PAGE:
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There's a right way to grieve
Although we are told
Healthy grieving involves embracing your grief by actively mourning your loss rather than burying it, pretending you are fine or finding distractions (such as finding a new relationship, or quitting your job, selling your house and joining the Peace Corps so you can remind yourself there are others more miserable than you).
Facing the loss and living with it are so important to moving forward on the grief journey--which can take the rest of your life, as your loss will be part of you always.
For me, healthy grieving has come in phases. The first involved the pile of "widow books" I read nightly. I wanted to learn all about grief, to both understand it and prepare for what was to come.
Of course, as with preparing for my husband's death from cancer, it was not possible to prepare myself for widowhood by reading about it. Some things can only be experienced or understood with time.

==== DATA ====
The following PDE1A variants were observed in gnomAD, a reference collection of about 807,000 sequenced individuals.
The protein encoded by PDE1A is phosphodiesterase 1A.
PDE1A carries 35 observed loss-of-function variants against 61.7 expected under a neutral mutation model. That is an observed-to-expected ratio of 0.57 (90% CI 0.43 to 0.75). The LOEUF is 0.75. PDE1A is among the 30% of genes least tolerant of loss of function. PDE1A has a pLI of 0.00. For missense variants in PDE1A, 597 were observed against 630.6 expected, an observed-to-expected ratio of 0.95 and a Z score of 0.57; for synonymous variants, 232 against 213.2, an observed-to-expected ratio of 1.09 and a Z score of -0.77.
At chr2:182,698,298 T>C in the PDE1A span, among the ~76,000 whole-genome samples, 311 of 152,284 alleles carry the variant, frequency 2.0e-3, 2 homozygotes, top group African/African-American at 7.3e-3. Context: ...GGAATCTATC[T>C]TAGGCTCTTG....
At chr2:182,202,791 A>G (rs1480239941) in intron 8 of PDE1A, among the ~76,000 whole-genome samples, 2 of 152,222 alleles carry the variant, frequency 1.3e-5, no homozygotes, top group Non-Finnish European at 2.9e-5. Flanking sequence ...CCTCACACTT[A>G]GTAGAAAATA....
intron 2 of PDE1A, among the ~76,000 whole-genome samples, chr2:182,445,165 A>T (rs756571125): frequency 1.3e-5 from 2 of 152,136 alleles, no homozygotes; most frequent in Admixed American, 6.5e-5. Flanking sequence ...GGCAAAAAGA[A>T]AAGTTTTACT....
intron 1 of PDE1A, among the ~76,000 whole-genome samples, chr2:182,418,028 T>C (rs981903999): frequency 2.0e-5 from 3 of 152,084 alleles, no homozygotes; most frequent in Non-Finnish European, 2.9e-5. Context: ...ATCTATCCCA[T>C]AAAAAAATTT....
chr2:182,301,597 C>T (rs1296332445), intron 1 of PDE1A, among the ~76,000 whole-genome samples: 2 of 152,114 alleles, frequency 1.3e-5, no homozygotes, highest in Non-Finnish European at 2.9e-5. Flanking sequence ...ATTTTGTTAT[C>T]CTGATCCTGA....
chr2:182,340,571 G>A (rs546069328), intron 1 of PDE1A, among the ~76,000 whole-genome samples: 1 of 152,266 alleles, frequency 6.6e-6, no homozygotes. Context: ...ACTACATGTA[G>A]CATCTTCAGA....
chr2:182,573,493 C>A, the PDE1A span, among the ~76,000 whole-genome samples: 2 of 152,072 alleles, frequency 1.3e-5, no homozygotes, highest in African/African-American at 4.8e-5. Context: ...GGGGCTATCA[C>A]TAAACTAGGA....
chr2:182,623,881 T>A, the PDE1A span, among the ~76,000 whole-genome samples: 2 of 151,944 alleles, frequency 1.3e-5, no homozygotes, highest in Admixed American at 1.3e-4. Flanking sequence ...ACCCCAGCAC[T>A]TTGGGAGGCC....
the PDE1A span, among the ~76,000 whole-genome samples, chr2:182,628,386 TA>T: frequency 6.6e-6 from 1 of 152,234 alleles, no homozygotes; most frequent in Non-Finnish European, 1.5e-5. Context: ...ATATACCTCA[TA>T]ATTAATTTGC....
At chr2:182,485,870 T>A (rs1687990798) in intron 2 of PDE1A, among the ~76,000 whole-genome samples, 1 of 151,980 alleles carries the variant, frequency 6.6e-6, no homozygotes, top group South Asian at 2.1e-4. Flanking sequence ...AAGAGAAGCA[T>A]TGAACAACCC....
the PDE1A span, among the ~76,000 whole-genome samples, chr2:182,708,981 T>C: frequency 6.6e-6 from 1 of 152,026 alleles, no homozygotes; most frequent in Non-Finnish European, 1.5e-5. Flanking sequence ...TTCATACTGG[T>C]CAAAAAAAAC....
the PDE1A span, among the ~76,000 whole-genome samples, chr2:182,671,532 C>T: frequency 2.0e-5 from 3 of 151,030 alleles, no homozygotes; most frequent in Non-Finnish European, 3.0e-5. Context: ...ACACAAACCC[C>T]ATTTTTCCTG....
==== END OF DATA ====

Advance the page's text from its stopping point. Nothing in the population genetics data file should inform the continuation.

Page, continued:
My early fears that grief would incapacitate me proved to be unfounded as I realized I had no choice but to get out of bed each morning to take care of my kids, myself, my house and my job. Then, my fear that I was doing too well early on went away as time passed, and the shock of the loss took longer than I expected to wear off.
The next phase of grieving for me was seeking hospice counseling and a bereavement group. While I found an online support group early on, I needed to talk through my experiences with someone who truly understood what I was going through and could help me put things into perspective.
My friends didn't really "get it," and couldn't be expected to, but talking to